How do Miami-Dade commissioners propose to get better at lobbying the federal and state governments?
By asking for less.
The commission agreed Tuesday to limit priorities for its Washington D.C. and Tallahassee lobbyists to 10 per legislative session. More than that, commissioners said, and Miami-Dade's wish list gets lost in the shuffle.
"They're telling us they can be more effective if we can do that," said Chairwoman Rebeca Sosa, citing conversations with lawmakers.
But the decision is also an effort to give the commission more power. By limiting the county's priorities, county departments controlled by Mayor Carlos Gimenez will no longer have their wants and needs widely distributed to legislators.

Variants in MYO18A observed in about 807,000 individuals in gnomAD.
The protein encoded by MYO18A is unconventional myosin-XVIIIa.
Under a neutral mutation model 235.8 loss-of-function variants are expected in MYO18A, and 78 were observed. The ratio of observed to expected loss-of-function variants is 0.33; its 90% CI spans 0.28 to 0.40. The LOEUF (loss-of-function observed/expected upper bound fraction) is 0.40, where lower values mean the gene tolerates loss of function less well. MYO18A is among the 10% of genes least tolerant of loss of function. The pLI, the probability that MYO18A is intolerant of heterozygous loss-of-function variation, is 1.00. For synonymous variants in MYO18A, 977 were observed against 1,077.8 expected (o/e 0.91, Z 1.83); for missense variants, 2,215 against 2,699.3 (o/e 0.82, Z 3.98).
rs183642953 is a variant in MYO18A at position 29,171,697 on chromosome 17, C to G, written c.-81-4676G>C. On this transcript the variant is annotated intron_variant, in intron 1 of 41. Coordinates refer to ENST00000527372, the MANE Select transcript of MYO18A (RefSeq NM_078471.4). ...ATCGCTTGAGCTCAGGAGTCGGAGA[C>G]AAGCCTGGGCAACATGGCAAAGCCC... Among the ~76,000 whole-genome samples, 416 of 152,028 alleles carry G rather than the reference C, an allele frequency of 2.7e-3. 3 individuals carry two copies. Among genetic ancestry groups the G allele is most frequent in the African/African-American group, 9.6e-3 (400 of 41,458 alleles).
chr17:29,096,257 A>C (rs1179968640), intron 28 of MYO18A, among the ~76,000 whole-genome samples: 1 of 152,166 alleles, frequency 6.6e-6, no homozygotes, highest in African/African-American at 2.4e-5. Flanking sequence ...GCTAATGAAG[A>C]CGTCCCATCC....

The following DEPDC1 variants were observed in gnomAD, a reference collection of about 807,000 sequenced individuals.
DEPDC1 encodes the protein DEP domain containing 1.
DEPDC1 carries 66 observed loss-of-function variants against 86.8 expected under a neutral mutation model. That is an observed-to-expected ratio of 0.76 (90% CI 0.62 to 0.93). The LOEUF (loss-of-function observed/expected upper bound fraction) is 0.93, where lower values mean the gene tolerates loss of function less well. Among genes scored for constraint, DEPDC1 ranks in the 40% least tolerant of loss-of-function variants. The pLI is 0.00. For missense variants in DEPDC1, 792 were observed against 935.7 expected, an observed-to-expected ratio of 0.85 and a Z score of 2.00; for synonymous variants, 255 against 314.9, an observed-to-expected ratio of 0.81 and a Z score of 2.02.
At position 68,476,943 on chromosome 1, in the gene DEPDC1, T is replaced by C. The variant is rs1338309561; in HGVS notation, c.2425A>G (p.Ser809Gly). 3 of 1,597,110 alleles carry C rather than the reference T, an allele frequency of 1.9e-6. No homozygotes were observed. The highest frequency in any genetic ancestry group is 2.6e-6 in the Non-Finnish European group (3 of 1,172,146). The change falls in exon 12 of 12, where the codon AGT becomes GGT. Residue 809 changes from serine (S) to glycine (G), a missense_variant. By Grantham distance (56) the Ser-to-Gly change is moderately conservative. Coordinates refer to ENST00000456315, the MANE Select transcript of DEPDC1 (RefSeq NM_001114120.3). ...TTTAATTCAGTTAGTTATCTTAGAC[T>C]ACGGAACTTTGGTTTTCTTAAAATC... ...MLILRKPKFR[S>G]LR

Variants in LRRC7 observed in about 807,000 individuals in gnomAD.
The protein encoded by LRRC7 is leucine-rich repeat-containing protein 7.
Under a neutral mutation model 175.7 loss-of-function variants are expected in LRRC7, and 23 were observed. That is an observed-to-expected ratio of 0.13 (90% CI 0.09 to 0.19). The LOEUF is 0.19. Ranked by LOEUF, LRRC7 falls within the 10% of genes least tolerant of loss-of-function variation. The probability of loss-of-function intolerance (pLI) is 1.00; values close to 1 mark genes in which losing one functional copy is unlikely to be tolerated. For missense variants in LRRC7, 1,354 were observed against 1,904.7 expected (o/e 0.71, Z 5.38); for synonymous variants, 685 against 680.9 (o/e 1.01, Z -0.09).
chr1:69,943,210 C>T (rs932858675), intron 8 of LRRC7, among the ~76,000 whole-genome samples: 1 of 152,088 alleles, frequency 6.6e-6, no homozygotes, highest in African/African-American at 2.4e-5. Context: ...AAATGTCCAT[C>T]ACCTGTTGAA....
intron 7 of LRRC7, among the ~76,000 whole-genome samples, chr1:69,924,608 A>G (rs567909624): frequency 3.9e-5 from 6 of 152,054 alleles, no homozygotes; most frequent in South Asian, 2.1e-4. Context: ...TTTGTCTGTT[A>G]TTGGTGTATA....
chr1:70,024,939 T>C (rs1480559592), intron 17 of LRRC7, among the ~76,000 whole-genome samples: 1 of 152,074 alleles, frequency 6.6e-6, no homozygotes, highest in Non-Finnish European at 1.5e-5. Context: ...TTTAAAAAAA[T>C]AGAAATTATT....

Commissioners said rogue department heads in the past have lobbied for legislation in direct conflict with the board's direction.
"They'd take a position for the county and then a department would come up and contradict it," said Commissioner Sally Heyman, a former state representative.
Still, a lingering problem remains: On occasion, commissioners are also at odds over legislation. "Sometimes, some of us have agendas that might not line up," Commissioner Dennis Moss said.
Sosa said county lobbyists should only fight for positions the majority of the commission approves.
"The reality is that this county is not getting back a fair share of what we give the state," she said.